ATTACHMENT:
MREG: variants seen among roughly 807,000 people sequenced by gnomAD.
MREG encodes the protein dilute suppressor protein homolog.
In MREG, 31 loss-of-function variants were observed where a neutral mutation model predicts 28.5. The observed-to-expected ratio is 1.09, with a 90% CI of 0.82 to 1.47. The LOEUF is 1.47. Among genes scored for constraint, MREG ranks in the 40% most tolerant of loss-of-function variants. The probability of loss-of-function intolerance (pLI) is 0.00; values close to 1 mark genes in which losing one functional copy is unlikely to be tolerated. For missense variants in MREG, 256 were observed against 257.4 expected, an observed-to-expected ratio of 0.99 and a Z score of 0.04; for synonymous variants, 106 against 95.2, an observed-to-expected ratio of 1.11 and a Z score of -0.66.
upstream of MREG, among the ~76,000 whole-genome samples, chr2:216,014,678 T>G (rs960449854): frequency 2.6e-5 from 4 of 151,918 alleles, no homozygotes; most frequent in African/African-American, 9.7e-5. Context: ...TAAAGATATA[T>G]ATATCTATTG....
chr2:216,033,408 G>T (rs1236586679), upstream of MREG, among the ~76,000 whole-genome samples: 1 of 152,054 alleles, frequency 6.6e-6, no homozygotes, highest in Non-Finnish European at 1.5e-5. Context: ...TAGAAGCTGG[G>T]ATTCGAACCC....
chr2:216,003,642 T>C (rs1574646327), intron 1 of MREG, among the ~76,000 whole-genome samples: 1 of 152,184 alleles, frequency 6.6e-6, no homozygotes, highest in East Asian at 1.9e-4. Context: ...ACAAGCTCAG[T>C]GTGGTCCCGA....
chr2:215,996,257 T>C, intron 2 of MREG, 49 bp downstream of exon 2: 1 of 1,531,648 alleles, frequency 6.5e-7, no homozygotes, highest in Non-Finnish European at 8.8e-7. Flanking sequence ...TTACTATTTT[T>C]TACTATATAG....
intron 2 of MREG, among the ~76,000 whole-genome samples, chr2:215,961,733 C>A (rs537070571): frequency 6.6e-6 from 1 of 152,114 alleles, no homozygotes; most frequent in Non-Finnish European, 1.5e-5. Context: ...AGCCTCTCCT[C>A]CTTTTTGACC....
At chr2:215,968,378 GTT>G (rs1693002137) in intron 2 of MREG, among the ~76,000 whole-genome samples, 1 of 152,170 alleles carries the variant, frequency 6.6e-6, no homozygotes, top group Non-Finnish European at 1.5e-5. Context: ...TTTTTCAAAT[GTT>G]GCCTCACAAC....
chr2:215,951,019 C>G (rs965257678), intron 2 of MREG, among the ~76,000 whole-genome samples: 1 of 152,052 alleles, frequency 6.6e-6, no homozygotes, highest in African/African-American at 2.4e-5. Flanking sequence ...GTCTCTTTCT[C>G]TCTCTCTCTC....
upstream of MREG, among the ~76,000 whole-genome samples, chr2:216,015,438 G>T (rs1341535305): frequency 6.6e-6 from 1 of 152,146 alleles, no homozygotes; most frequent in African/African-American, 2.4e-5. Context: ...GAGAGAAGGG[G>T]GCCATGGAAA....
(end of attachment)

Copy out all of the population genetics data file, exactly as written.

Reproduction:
MREG: variants seen among roughly 807,000 people sequenced by gnomAD.
MREG encodes the protein dilute suppressor protein homolog.
In MREG, 31 loss-of-function variants were observed where a neutral mutation model predicts 28.5. The observed-to-expected ratio is 1.09, with a 90% CI of 0.82 to 1.47. The LOEUF is 1.47. Among genes scored for constraint, MREG ranks in the 40% most tolerant of loss-of-function variants. The probability of loss-of-function intolerance (pLI) is 0.00; values close to 1 mark genes in which losing one functional copy is unlikely to be tolerated. For missense variants in MREG, 256 were observed against 257.4 expected, an observed-to-expected ratio of 0.99 and a Z score of 0.04; for synonymous variants, 106 against 95.2, an observed-to-expected ratio of 1.11 and a Z score of -0.66.
upstream of MREG, among the ~76,000 whole-genome samples, chr2:216,014,678 T>G (rs960449854): frequency 2.6e-5 from 4 of 151,918 alleles, no homozygotes; most frequent in African/African-American, 9.7e-5. Context: ...TAAAGATATA[T>G]ATATCTATTG....
chr2:216,033,408 G>T (rs1236586679), upstream of MREG, among the ~76,000 whole-genome samples: 1 of 152,054 alleles, frequency 6.6e-6, no homozygotes, highest in Non-Finnish European at 1.5e-5. Context: ...TAGAAGCTGG[G>T]ATTCGAACCC....
chr2:216,003,642 T>C (rs1574646327), intron 1 of MREG, among the ~76,000 whole-genome samples: 1 of 152,184 alleles, frequency 6.6e-6, no homozygotes, highest in East Asian at 1.9e-4. Context: ...ACAAGCTCAG[T>C]GTGGTCCCGA....
chr2:215,996,257 T>C, intron 2 of MREG, 49 bp downstream of exon 2: 1 of 1,531,648 alleles, frequency 6.5e-7, no homozygotes, highest in Non-Finnish European at 8.8e-7. Flanking sequence ...TTACTATTTT[T>C]TACTATATAG....
intron 2 of MREG, among the ~76,000 whole-genome samples, chr2:215,961,733 C>A (rs537070571): frequency 6.6e-6 from 1 of 152,114 alleles, no homozygotes; most frequent in Non-Finnish European, 1.5e-5. Context: ...AGCCTCTCCT[C>A]CTTTTTGACC....
At chr2:215,968,378 GTT>G (rs1693002137) in intron 2 of MREG, among the ~76,000 whole-genome samples, 1 of 152,170 alleles carries the variant, frequency 6.6e-6, no homozygotes, top group Non-Finnish European at 1.5e-5. Context: ...TTTTTCAAAT[GTT>G]GCCTCACAAC....
chr2:215,951,019 C>G (rs965257678), intron 2 of MREG, among the ~76,000 whole-genome samples: 1 of 152,052 alleles, frequency 6.6e-6, no homozygotes, highest in African/African-American at 2.4e-5. Flanking sequence ...GTCTCTTTCT[C>G]TCTCTCTCTC....
upstream of MREG, among the ~76,000 whole-genome samples, chr2:216,015,438 G>T (rs1341535305): frequency 6.6e-6 from 1 of 152,146 alleles, no homozygotes; most frequent in African/African-American, 2.4e-5. Context: ...GAGAGAAGGG[G>T]GCCATGGAAA....